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Humans to Blame for Ice Age Extinctions, Study Says
National Geographic ^ | August 10, 2005 | Hillery Mayell

Posted on 08/11/2005 11:02:22 AM PDT by ZULU

Humans are likely responsible for the extinction of Ice Age megafauna—large mammals like giant sloths, short-faced bears, mammoths, and saber-toothed cats—that occurred in the Americas around 11,000 years ago, a new study says.

Scientists have long debated whether giant pre-historic mammals disappeared because of climate change or because humans hunted them to extinction.

The mass extinctions coincided with both the end of the last Ice Age and the arrival of humans in the Americas around 11,000 years ago. This timing has made it difficult for scientists to isolate the cause of the species' disappearance.

But a study comparing the extinction of giant ground sloths in North and South America with the disappearance of their smaller relatives in West Indian islands has helped clear up the picture, scientists say.

The researchers say archaeological and fossil evidence strongly suggests that ancient hunters pushed the animals to extinction.

Giant ground sloths "cruised through" at least 22 major climate cycles as the continental ice sheets in North America advanced and retreated over the last two million years, said David Steadman, a paleobiologist at the University of Florida.

Steadman is a co-author of the new study published in the Proceedings of the National Academy of Sciences.

"The only thing that's different [at the end of the Ice Age] is the arrival of people," he said.

Giant Sloth: A Case Study

Until about 11,000 years ago, at least 19 different sloth species lived in North and South America in a variety of ecosystems. Only a few small, tree-dwelling sloth species survive today.

Steadman and his colleagues argue that if ecosystem shifts resulting from climate change caused the sloths' demise, then all extinctions—on both islands and the mainland—should have taken place at the same time, as the last Ice Age ended between 15,000 to 9,000 years ago.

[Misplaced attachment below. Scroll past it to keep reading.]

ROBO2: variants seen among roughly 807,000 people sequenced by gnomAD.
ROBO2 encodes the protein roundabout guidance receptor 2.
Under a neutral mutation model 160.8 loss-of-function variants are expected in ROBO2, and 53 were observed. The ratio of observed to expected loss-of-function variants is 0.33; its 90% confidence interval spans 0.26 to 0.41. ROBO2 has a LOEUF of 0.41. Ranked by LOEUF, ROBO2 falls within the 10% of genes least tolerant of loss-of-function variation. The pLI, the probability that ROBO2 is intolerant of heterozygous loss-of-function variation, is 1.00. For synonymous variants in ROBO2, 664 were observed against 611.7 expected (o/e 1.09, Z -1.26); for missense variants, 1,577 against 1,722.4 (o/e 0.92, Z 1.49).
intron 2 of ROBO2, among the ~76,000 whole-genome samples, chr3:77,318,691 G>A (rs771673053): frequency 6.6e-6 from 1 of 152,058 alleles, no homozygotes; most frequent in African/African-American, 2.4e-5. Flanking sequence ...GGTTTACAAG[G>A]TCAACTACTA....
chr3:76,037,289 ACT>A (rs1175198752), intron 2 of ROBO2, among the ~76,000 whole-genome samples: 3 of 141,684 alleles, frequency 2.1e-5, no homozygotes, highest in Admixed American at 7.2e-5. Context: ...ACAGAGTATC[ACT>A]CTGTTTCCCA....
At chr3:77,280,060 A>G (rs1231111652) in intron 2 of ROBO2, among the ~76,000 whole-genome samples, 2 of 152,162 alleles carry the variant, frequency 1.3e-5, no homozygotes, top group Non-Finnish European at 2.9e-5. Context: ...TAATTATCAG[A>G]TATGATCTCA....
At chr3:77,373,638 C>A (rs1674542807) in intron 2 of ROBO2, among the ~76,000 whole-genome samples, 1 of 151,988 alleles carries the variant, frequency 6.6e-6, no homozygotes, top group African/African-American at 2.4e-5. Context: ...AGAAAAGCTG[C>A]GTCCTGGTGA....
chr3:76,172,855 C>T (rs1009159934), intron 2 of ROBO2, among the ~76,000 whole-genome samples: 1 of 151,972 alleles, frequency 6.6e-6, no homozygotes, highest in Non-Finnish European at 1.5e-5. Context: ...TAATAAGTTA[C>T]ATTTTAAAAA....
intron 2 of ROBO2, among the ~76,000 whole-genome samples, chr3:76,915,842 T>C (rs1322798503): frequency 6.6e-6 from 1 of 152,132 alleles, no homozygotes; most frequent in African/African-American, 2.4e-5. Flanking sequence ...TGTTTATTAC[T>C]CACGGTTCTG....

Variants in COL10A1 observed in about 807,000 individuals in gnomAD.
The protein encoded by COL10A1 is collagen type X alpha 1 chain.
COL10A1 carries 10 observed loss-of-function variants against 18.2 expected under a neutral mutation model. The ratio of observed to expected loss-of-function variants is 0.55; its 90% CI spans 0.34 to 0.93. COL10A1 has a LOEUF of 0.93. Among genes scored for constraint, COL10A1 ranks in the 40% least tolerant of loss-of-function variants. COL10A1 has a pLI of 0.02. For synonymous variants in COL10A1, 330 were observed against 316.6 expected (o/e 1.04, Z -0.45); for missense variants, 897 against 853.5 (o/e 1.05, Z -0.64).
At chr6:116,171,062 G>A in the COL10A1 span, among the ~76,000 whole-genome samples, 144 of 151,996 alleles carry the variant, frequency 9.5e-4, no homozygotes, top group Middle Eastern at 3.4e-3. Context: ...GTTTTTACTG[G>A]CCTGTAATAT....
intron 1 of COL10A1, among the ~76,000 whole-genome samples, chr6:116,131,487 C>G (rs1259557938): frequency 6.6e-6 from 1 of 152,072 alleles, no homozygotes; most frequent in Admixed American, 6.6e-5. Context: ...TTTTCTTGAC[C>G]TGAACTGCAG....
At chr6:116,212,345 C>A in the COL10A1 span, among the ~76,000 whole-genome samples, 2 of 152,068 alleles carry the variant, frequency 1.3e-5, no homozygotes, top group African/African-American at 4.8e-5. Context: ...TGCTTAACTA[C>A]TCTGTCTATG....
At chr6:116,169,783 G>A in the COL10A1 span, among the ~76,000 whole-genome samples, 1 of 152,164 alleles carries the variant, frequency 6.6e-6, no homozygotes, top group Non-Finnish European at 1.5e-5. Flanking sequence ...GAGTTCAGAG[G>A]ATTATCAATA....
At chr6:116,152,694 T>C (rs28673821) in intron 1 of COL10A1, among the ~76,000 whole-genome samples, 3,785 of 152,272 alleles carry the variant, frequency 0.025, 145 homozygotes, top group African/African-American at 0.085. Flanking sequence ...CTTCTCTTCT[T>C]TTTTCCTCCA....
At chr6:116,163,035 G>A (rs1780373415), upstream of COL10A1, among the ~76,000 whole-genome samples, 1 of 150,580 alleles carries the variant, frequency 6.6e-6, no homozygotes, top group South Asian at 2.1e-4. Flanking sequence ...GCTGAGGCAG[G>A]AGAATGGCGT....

Radiocarbon dates of bones, dung, and other tissue of extinct sloths place their last appearance in North America at around 11,000 years ago and at about 10,500 years ago in South America, Steadman says.

But on the islands of Cuba and Hispaniola—shared today by modern-day Haiti and the Dominican Republic—sloths survived until about 4,400 years ago.

Their subsequent extinction coincided exactly with the arrival of the first humans on the islands, Steadman says.

"What [this study] shows us is that there's this great big suggestive pattern that we find: Wherever human beings first appear all around the world, these large mammals pretty quickly become extinct," said Gary Haynes, an archaeologist at the University of Nevada at Reno, who was not involved in the study.

"[Some] people will say that you have to [establish the cause of extinction] species by species, and I think they're probably right," Haynes added. "But the study does create a good model that might make us think that if it worked for one big animal it's probably what we'll find for other big animals."

Overkill Vs. Climate Change

Steadman and his colleagues argue that megafauna species on the American continents, having evolved in an environment without humans, may have been particularly vulnerable to the sudden appearance of big game hunters.